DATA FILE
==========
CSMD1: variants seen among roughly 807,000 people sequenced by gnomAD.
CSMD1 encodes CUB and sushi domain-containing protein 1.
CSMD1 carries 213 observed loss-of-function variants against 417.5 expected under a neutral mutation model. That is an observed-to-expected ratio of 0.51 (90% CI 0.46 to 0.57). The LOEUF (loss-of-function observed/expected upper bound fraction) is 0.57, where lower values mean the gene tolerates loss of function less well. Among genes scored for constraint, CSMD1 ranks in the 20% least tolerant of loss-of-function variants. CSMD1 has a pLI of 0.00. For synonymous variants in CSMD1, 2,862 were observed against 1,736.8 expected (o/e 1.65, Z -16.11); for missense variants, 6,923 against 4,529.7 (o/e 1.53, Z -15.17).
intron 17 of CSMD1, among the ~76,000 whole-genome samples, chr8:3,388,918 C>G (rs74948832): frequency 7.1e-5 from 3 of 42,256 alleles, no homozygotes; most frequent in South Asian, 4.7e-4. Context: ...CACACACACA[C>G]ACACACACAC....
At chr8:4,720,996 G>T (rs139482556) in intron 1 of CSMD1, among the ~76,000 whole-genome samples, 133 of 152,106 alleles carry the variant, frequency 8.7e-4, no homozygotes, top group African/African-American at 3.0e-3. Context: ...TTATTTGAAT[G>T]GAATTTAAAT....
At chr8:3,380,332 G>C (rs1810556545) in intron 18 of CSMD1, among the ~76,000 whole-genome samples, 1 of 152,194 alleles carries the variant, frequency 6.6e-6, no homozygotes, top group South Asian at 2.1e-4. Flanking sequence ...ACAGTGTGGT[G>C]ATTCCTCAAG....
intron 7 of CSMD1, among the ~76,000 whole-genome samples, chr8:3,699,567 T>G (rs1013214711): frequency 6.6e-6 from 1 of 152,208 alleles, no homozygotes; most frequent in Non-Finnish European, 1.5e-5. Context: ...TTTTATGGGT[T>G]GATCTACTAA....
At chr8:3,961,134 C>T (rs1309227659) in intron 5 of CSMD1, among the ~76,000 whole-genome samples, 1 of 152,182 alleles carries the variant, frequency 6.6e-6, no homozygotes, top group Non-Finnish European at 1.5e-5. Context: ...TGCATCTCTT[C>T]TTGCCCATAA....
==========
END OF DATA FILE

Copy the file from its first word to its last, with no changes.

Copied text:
CSMD1: variants seen among roughly 807,000 people sequenced by gnomAD.
CSMD1 encodes CUB and sushi domain-containing protein 1.
CSMD1 carries 213 observed loss-of-function variants against 417.5 expected under a neutral mutation model. That is an observed-to-expected ratio of 0.51 (90% CI 0.46 to 0.57). The LOEUF (loss-of-function observed/expected upper bound fraction) is 0.57, where lower values mean the gene tolerates loss of function less well. Among genes scored for constraint, CSMD1 ranks in the 20% least tolerant of loss-of-function variants. CSMD1 has a pLI of 0.00. For synonymous variants in CSMD1, 2,862 were observed against 1,736.8 expected (o/e 1.65, Z -16.11); for missense variants, 6,923 against 4,529.7 (o/e 1.53, Z -15.17).
intron 17 of CSMD1, among the ~76,000 whole-genome samples, chr8:3,388,918 C>G (rs74948832): frequency 7.1e-5 from 3 of 42,256 alleles, no homozygotes; most frequent in South Asian, 4.7e-4. Context: ...CACACACACA[C>G]ACACACACAC....
At chr8:4,720,996 G>T (rs139482556) in intron 1 of CSMD1, among the ~76,000 whole-genome samples, 133 of 152,106 alleles carry the variant, frequency 8.7e-4, no homozygotes, top group African/African-American at 3.0e-3. Context: ...TTATTTGAAT[G>T]GAATTTAAAT....
At chr8:3,380,332 G>C (rs1810556545) in intron 18 of CSMD1, among the ~76,000 whole-genome samples, 1 of 152,194 alleles carries the variant, frequency 6.6e-6, no homozygotes, top group South Asian at 2.1e-4. Flanking sequence ...ACAGTGTGGT[G>C]ATTCCTCAAG....
intron 7 of CSMD1, among the ~76,000 whole-genome samples, chr8:3,699,567 T>G (rs1013214711): frequency 6.6e-6 from 1 of 152,208 alleles, no homozygotes; most frequent in Non-Finnish European, 1.5e-5. Context: ...TTTTATGGGT[T>G]GATCTACTAA....
At chr8:3,961,134 C>T (rs1309227659) in intron 5 of CSMD1, among the ~76,000 whole-genome samples, 1 of 152,182 alleles carries the variant, frequency 6.6e-6, no homozygotes, top group Non-Finnish European at 1.5e-5. Context: ...TGCATCTCTT[C>T]TTGCCCATAA....